Among the major economies, there are potentially two other options: China’s yuan or the euro. Though the yuan has certainly become more prevalent in line with China’s economic rise, use of the currency within the international payments system remains low at less than 2% meaning broader uptake in the short-term is unlikely. Even the euro which commands far wider use (34% of global payments) has its own credibility issues, ranging from the eurozone’s lack of a unified banking system to the sovereign debt crisis still blotting recent memory.

Once these are discounted, the two remaining options banded around most are either gold or bitcoin. Taking the latter first, bitcoin itself has been at the centre of several controversies ranging from major hacks of cryptocurrency exchanges in which millions of dollars have been stolen, to the implicit association of financing criminal activities using the currency. Add to that the high price volatility and the fact that a large proportion of bitcoin in circulation is closely held by a small number of people, it’s clear that there are many short comings. Meanwhile, gold – which has historically been an inflation hedge amongst investors due to its ability to hold its real value through inflationary periods – cannot be ‘printed’ by central banks, carries intrinsic cultural value globally, and is widely seen as a safe haven asset.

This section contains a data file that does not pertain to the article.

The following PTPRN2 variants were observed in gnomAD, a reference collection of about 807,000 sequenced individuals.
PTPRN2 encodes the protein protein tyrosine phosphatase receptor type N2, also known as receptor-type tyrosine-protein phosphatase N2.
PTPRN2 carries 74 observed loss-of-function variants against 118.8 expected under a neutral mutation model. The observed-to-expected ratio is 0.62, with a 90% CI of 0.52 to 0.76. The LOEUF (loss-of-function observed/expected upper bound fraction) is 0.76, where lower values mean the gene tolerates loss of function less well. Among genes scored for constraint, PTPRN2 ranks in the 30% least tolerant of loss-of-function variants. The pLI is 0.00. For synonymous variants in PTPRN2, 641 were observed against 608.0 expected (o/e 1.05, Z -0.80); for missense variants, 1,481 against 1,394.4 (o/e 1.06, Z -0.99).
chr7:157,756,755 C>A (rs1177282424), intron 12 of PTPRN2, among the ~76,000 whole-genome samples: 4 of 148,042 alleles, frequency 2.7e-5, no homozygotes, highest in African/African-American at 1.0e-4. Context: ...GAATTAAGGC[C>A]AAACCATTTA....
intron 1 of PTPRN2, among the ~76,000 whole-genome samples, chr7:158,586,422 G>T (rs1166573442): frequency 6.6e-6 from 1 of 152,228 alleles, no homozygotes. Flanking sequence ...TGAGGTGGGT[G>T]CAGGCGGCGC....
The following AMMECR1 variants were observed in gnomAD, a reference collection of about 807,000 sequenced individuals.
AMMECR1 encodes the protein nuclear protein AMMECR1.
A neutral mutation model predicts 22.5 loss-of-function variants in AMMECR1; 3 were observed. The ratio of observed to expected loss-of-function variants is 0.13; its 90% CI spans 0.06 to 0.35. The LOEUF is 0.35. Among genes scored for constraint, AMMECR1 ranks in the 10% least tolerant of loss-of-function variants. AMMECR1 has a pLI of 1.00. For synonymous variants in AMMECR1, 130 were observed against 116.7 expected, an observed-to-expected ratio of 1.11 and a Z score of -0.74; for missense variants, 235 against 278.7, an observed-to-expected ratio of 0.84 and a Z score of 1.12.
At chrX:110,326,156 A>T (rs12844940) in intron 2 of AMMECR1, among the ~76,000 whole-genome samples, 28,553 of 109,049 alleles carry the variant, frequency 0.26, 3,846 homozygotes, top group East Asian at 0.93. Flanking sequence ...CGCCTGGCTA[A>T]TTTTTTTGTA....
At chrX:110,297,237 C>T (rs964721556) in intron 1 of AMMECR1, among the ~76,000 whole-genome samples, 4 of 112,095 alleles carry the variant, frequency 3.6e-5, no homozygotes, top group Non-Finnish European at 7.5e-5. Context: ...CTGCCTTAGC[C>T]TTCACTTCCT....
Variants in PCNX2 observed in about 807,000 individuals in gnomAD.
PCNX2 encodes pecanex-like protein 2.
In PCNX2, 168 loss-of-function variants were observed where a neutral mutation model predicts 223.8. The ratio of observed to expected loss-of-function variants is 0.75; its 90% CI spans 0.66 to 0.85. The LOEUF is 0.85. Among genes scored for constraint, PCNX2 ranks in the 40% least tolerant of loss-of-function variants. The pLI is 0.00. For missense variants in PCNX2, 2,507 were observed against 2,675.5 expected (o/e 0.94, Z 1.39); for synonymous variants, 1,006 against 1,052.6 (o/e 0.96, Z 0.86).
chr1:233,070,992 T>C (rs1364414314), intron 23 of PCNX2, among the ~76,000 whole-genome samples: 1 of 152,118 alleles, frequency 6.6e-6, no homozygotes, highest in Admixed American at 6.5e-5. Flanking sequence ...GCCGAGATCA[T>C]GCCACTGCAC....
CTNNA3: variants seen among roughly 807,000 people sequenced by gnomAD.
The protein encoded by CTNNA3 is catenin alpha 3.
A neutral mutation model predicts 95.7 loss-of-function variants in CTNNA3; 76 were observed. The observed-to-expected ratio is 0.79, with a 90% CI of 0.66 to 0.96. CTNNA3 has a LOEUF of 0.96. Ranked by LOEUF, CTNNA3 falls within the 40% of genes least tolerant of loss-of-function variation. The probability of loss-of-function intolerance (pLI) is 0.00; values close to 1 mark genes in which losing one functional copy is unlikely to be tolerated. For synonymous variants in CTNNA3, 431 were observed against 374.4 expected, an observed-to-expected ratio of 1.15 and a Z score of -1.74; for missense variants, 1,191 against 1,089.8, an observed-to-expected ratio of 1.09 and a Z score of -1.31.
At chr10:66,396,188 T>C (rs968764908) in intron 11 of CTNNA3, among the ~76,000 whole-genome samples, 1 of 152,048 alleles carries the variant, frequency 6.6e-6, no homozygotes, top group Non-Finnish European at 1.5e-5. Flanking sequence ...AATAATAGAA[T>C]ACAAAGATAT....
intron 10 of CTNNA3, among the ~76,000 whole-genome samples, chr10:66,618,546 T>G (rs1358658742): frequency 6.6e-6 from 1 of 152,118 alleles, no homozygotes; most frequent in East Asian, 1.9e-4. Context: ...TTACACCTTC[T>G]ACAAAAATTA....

Figure 5: Gold’s price has rocketed in recent months as inflation expectations have spiked Figure 6: Inflows into the SPDR Gold Trust ETF in the US have made the ETF one of the top ten largest holders of gold in the world
Source: Bloomberg, EQ Investors Source: Bloomberg, EQ Investors

 

Unfortunately, there are a few reasons gold is unlikely to take the dollar’s spot as the world’s reserve currency, least of which is the fact that an increasing number of transactions are done electronically. So, while there may be real concerns that are beginning to emerge around the longevity of the US dollar as a reserve currency, the lack of any viable alternative in the short-run will surely help prop up the importance of the US dollar for now.

STAT OF THE WEEK: 55% – the proportion of the world’s population that live in urban areas (Out World in Data).

DATA CORRECT AS AT: 14/08/2020

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About the author: Tertius Bonnin

Tertius joined EQ in 2016 and is responsible for covering investment ideas within US, Global and Thematic equities. He sits on the fund selection committee and also supports the portfolio managers across a range of other responsibilities.

He passed Level I of the CFA exam in 2018, holds the Investment Management Certificate and has a BA in Business with Finance. He enjoys a variety of sports including skiing, cycling and running – and when not in the office he experiments with Asian cuisine.